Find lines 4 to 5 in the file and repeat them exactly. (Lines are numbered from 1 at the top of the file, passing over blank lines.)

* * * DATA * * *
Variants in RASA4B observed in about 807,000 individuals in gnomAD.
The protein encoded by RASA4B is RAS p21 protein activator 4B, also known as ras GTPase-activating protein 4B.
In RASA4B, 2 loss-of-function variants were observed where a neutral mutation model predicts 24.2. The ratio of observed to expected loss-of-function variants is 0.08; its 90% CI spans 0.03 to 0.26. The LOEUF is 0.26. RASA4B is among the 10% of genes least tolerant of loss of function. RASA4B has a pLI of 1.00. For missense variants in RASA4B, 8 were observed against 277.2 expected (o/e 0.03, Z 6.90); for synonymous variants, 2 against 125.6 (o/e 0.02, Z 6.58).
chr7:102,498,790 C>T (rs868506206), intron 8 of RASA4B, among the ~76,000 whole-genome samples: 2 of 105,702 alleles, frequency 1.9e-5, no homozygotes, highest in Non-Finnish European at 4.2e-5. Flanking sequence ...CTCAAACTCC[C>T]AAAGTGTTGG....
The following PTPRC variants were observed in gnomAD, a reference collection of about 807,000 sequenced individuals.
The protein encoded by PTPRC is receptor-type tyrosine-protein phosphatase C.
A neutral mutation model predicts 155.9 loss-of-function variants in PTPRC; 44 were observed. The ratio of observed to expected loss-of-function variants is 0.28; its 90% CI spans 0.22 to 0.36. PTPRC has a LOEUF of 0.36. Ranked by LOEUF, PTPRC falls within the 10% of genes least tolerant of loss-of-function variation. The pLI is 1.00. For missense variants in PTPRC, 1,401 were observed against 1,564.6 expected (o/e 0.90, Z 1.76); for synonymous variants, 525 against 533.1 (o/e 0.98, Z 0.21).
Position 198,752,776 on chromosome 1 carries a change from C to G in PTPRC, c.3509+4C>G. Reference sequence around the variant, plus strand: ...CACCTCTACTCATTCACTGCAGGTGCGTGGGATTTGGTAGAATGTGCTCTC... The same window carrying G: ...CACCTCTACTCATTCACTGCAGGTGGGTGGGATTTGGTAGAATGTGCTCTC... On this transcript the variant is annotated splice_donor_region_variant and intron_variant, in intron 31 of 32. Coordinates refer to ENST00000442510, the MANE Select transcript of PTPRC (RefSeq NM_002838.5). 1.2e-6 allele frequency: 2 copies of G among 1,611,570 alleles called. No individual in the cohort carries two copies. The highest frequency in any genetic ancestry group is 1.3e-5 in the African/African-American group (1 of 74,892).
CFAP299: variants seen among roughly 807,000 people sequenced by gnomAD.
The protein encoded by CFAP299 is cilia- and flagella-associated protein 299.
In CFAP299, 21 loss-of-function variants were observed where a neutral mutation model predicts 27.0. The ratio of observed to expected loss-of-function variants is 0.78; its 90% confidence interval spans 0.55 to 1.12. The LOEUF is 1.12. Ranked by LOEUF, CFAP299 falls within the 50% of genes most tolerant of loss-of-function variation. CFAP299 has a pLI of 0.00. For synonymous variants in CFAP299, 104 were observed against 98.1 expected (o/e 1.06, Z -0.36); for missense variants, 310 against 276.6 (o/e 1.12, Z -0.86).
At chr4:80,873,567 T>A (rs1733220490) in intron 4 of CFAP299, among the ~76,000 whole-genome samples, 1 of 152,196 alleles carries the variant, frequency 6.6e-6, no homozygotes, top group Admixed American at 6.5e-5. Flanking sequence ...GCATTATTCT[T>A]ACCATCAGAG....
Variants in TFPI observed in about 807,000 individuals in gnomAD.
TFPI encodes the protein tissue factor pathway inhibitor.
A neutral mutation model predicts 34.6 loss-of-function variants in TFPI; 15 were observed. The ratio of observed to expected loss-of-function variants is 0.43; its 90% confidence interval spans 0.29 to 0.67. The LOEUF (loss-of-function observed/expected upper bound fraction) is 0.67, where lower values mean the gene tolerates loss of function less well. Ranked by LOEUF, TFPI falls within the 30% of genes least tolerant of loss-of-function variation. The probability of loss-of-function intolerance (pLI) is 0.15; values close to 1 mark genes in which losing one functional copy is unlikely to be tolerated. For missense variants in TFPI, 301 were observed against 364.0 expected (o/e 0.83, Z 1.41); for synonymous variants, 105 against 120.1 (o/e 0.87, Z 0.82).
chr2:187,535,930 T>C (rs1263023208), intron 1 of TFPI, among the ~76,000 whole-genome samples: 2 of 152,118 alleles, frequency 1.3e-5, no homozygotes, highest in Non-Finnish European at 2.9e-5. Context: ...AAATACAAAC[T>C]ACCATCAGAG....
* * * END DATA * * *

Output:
chr7:102,498,790 C>T (rs868506206), intron 8 of RASA4B, among the ~76,000 whole-genome samples: 2 of 105,702 alleles, frequency 1.9e-5, no homozygotes, highest in Non-Finnish European at 4.2e-5. Flanking sequence ...CTCAAACTCC[C>T]AAAGTGTTGG....
The following PTPRC variants were observed in gnomAD, a reference collection of about 807,000 sequenced individuals.